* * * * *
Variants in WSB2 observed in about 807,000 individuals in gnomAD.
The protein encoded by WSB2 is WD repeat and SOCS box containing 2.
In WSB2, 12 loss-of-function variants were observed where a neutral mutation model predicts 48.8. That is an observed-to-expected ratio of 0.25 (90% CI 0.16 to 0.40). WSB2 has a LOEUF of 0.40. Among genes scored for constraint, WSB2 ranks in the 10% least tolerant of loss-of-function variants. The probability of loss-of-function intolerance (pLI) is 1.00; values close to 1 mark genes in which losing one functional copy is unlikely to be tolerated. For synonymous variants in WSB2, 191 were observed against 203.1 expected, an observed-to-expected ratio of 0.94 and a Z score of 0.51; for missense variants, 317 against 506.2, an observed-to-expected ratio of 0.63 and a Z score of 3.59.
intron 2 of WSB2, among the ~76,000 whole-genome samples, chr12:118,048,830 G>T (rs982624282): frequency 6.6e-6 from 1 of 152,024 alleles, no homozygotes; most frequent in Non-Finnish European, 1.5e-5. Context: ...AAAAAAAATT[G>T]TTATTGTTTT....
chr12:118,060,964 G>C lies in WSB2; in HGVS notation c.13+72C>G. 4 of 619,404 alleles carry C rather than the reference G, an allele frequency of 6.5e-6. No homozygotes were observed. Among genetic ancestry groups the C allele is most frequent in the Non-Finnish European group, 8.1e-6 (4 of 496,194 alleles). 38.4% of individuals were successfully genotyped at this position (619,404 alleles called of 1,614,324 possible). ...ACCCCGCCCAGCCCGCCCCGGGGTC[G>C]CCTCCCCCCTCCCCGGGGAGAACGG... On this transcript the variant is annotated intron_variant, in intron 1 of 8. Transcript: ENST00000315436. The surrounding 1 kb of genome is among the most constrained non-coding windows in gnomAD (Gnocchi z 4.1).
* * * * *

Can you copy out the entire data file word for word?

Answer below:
Variants in WSB2 observed in about 807,000 individuals in gnomAD.
The protein encoded by WSB2 is WD repeat and SOCS box containing 2.
In WSB2, 12 loss-of-function variants were observed where a neutral mutation model predicts 48.8. That is an observed-to-expected ratio of 0.25 (90% CI 0.16 to 0.40). WSB2 has a LOEUF of 0.40. Among genes scored for constraint, WSB2 ranks in the 10% least tolerant of loss-of-function variants. The probability of loss-of-function intolerance (pLI) is 1.00; values close to 1 mark genes in which losing one functional copy is unlikely to be tolerated. For synonymous variants in WSB2, 191 were observed against 203.1 expected, an observed-to-expected ratio of 0.94 and a Z score of 0.51; for missense variants, 317 against 506.2, an observed-to-expected ratio of 0.63 and a Z score of 3.59.
intron 2 of WSB2, among the ~76,000 whole-genome samples, chr12:118,048,830 G>T (rs982624282): frequency 6.6e-6 from 1 of 152,024 alleles, no homozygotes; most frequent in Non-Finnish European, 1.5e-5. Context: ...AAAAAAAATT[G>T]TTATTGTTTT....
chr12:118,060,964 G>C lies in WSB2; in HGVS notation c.13+72C>G. 4 of 619,404 alleles carry C rather than the reference G, an allele frequency of 6.5e-6. No homozygotes were observed. Among genetic ancestry groups the C allele is most frequent in the Non-Finnish European group, 8.1e-6 (4 of 496,194 alleles). 38.4% of individuals were successfully genotyped at this position (619,404 alleles called of 1,614,324 possible). ...ACCCCGCCCAGCCCGCCCCGGGGTC[G>C]CCTCCCCCCTCCCCGGGGAGAACGG... On this transcript the variant is annotated intron_variant, in intron 1 of 8. Transcript: ENST00000315436. The surrounding 1 kb of genome is among the most constrained non-coding windows in gnomAD (Gnocchi z 4.1).